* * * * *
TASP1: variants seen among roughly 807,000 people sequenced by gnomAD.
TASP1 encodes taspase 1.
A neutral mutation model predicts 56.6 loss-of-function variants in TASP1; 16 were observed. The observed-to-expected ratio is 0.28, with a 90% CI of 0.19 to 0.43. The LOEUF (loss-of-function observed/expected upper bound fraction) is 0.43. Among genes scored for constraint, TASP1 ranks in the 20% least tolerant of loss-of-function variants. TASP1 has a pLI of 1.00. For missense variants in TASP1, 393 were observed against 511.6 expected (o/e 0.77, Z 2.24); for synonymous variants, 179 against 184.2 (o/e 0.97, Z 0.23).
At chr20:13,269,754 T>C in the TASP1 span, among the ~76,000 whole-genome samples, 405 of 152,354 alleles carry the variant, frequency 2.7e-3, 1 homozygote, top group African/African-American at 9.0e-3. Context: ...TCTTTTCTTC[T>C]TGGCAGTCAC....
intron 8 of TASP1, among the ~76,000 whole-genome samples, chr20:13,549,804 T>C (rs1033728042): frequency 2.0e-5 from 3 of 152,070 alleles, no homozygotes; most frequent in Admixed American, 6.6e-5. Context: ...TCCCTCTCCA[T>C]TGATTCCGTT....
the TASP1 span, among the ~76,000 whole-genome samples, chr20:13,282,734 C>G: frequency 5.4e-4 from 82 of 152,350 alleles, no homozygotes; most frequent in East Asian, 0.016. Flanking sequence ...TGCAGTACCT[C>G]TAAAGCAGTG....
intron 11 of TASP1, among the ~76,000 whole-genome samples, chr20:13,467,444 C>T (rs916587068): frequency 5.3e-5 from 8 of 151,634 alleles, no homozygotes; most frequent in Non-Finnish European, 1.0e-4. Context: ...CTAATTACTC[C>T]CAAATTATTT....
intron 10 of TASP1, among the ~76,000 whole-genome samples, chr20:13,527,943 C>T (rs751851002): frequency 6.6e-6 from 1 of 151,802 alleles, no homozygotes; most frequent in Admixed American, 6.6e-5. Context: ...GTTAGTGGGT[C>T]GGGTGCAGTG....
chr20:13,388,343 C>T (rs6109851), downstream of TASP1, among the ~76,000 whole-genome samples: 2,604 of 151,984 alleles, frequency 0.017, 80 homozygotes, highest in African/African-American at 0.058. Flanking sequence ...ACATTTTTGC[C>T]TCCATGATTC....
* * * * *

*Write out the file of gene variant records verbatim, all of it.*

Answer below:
TASP1: variants seen among roughly 807,000 people sequenced by gnomAD.
TASP1 encodes taspase 1.
A neutral mutation model predicts 56.6 loss-of-function variants in TASP1; 16 were observed. The observed-to-expected ratio is 0.28, with a 90% CI of 0.19 to 0.43. The LOEUF (loss-of-function observed/expected upper bound fraction) is 0.43. Among genes scored for constraint, TASP1 ranks in the 20% least tolerant of loss-of-function variants. TASP1 has a pLI of 1.00. For missense variants in TASP1, 393 were observed against 511.6 expected (o/e 0.77, Z 2.24); for synonymous variants, 179 against 184.2 (o/e 0.97, Z 0.23).
At chr20:13,269,754 T>C in the TASP1 span, among the ~76,000 whole-genome samples, 405 of 152,354 alleles carry the variant, frequency 2.7e-3, 1 homozygote, top group African/African-American at 9.0e-3. Context: ...TCTTTTCTTC[T>C]TGGCAGTCAC....
intron 8 of TASP1, among the ~76,000 whole-genome samples, chr20:13,549,804 T>C (rs1033728042): frequency 2.0e-5 from 3 of 152,070 alleles, no homozygotes; most frequent in Admixed American, 6.6e-5. Context: ...TCCCTCTCCA[T>C]TGATTCCGTT....
the TASP1 span, among the ~76,000 whole-genome samples, chr20:13,282,734 C>G: frequency 5.4e-4 from 82 of 152,350 alleles, no homozygotes; most frequent in East Asian, 0.016. Flanking sequence ...TGCAGTACCT[C>G]TAAAGCAGTG....
intron 11 of TASP1, among the ~76,000 whole-genome samples, chr20:13,467,444 C>T (rs916587068): frequency 5.3e-5 from 8 of 151,634 alleles, no homozygotes; most frequent in Non-Finnish European, 1.0e-4. Context: ...CTAATTACTC[C>T]CAAATTATTT....
intron 10 of TASP1, among the ~76,000 whole-genome samples, chr20:13,527,943 C>T (rs751851002): frequency 6.6e-6 from 1 of 151,802 alleles, no homozygotes; most frequent in Admixed American, 6.6e-5. Context: ...GTTAGTGGGT[C>T]GGGTGCAGTG....
chr20:13,388,343 C>T (rs6109851), downstream of TASP1, among the ~76,000 whole-genome samples: 2,604 of 151,984 alleles, frequency 0.017, 80 homozygotes, highest in African/African-American at 0.058. Flanking sequence ...ACATTTTTGC[C>T]TCCATGATTC....